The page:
German Chancellor Olaf Scholz admitted to tricking the Hungarian Prime Minister into taking “a break”, in a “pre-agreed” tactic, to ensure a unanimous vote to advance the process of Ukraine’s accession to the European Union.
Scholz made the controversial move during the EU’s meeting in Brussels, where the European bloc’s leaders were voting on a decision to open negotiations with Ukraine about joining the EU. Hungary, under Orban’s leadership, has constituted the main hurdle in the way of Kiev and its backers, taking a staunch position against its accession into the EU.
Orban was expected to veto a decision to proceed with negotiations, however, Scholz delt him a low blow when he suggested the Hungarian Prime Minister “should consider leaving the room briefly,” and “go grab a coffee outside.”
Move was ‘pre-agreed’
Defending his controversial decision, a proud Scholz acknowledged the criticism of his tactics, asserting,
Things cannot be solved every time by leaving the room. This is for exceptional cases, like for example, the decision that we have just made.
According to Politico‘s inside sources, the decision to get Orban out of the meeting was “pre-agreed” and could be deployed in other situations “constructively”.
As soon as Orban left the meeting, the attending congregation voted in unanimity for the opening of accession talks with Ukraine. European Council President Charles Michel announced the decision to hold talks with Ukraine and Moldova after eight hours of debating, claiming the decision is “a very powerful political message,” conveying confidence in the bloc’s ability to bypass Hungary’s resistance in the future.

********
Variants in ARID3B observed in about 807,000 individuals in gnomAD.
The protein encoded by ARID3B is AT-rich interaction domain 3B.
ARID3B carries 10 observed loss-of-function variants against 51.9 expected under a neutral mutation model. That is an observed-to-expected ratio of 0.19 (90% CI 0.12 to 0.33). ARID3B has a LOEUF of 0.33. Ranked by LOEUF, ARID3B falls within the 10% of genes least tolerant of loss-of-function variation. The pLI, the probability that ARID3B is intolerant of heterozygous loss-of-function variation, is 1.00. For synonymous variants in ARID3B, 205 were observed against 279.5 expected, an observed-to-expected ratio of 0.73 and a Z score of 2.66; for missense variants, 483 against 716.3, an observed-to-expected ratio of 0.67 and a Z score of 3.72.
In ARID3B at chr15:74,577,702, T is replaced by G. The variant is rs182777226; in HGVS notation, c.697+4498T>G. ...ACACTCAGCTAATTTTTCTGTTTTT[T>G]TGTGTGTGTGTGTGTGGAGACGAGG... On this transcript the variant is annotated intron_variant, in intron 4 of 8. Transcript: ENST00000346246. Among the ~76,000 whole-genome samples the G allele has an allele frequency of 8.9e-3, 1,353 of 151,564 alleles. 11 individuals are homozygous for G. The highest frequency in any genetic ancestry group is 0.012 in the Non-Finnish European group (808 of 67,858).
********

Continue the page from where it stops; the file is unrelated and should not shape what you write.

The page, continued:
On his part, Orban was able to block €50 billion ($54 billion) in long-term financial aid to Ukraine, slamming the decision taken in his absence as “completely senseless, irrational, and incorrect.”
“Hungary does not want to be part of this bad decision!” he wrote on Facebook after EU leaders announced their victory.
The government led by Orban has cautioned that Ukraine’s widespread corruption, heavy reliance on foreign aid, and engagement in an ongoing conflict should render it ineligible for EU membership. Slovakia and Austria have similarly opposed expediting the membership process. Although neither actively opposed Thursday’s vote, Slovak Prime Minister Robert Fico expressed that the country is “absolutely unprepared to open the negotiations” for membership.
Orban refuted allegations that he allowed the EU vote to proceed as a quid pro quo for Brussels releasing €10 billion of the €30 billion in funds that the bloc had frozen last December, citing Budapest’s supposed failure to comply with the EU Charter of Fundamental Rights.